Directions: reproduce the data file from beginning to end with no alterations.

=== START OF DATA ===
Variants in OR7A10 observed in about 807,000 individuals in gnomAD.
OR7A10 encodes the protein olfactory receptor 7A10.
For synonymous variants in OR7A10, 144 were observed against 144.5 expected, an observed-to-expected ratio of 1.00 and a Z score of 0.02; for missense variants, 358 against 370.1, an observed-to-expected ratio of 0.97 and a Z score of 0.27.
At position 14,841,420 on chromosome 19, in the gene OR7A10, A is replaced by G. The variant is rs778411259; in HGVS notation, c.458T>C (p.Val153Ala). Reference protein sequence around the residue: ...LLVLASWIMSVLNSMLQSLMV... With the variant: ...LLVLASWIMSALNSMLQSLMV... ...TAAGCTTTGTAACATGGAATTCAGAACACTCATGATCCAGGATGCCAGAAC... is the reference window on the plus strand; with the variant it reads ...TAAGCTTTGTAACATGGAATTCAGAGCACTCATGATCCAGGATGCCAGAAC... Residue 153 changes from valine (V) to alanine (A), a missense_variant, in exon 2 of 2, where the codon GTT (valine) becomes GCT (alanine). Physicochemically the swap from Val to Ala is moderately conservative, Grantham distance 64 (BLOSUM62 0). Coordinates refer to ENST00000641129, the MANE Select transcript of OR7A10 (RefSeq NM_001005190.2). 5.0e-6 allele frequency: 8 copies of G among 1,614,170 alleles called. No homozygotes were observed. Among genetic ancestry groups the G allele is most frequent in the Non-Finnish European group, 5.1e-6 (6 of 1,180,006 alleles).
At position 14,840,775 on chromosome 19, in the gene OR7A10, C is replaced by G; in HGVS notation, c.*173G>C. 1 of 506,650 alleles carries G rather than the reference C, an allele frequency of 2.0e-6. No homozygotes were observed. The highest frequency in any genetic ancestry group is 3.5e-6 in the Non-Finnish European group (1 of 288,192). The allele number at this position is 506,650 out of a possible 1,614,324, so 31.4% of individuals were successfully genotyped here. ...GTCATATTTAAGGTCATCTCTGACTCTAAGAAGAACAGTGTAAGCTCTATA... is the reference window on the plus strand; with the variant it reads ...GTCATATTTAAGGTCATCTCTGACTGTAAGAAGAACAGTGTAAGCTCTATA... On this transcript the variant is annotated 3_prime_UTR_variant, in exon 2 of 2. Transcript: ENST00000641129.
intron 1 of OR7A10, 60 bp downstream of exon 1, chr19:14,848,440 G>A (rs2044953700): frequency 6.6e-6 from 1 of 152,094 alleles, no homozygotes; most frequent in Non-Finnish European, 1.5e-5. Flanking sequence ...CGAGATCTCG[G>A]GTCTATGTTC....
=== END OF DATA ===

Variants in OR7A10 observed in about 807,000 individuals in gnomAD.
OR7A10 encodes the protein olfactory receptor 7A10.
For synonymous variants in OR7A10, 144 were observed against 144.5 expected, an observed-to-expected ratio of 1.00 and a Z score of 0.02; for missense variants, 358 against 370.1, an observed-to-expected ratio of 0.97 and a Z score of 0.27.
At position 14,841,420 on chromosome 19, in the gene OR7A10, A is replaced by G. The variant is rs778411259; in HGVS notation, c.458T>C (p.Val153Ala). Reference protein sequence around the residue: ...LLVLASWIMSVLNSMLQSLMV... With the variant: ...LLVLASWIMSALNSMLQSLMV... ...TAAGCTTTGTAACATGGAATTCAGAACACTCATGATCCAGGATGCCAGAAC... is the reference window on the plus strand; with the variant it reads ...TAAGCTTTGTAACATGGAATTCAGAGCACTCATGATCCAGGATGCCAGAAC... Residue 153 changes from valine (V) to alanine (A), a missense_variant, in exon 2 of 2, where the codon GTT (valine) becomes GCT (alanine). Physicochemically the swap from Val to Ala is moderately conservative, Grantham distance 64 (BLOSUM62 0). Coordinates refer to ENST00000641129, the MANE Select transcript of OR7A10 (RefSeq NM_001005190.2). 5.0e-6 allele frequency: 8 copies of G among 1,614,170 alleles called. No homozygotes were observed. Among genetic ancestry groups the G allele is most frequent in the Non-Finnish European group, 5.1e-6 (6 of 1,180,006 alleles).
At position 14,840,775 on chromosome 19, in the gene OR7A10, C is replaced by G; in HGVS notation, c.*173G>C. 1 of 506,650 alleles carries G rather than the reference C, an allele frequency of 2.0e-6. No homozygotes were observed. The highest frequency in any genetic ancestry group is 3.5e-6 in the Non-Finnish European group (1 of 288,192). The allele number at this position is 506,650 out of a possible 1,614,324, so 31.4% of individuals were successfully genotyped here. ...GTCATATTTAAGGTCATCTCTGACTCTAAGAAGAACAGTGTAAGCTCTATA... is the reference window on the plus strand; with the variant it reads ...GTCATATTTAAGGTCATCTCTGACTGTAAGAAGAACAGTGTAAGCTCTATA... On this transcript the variant is annotated 3_prime_UTR_variant, in exon 2 of 2. Transcript: ENST00000641129.
intron 1 of OR7A10, 60 bp downstream of exon 1, chr19:14,848,440 G>A (rs2044953700): frequency 6.6e-6 from 1 of 152,094 alleles, no homozygotes; most frequent in Non-Finnish European, 1.5e-5. Flanking sequence ...CGAGATCTCG[G>A]GTCTATGTTC....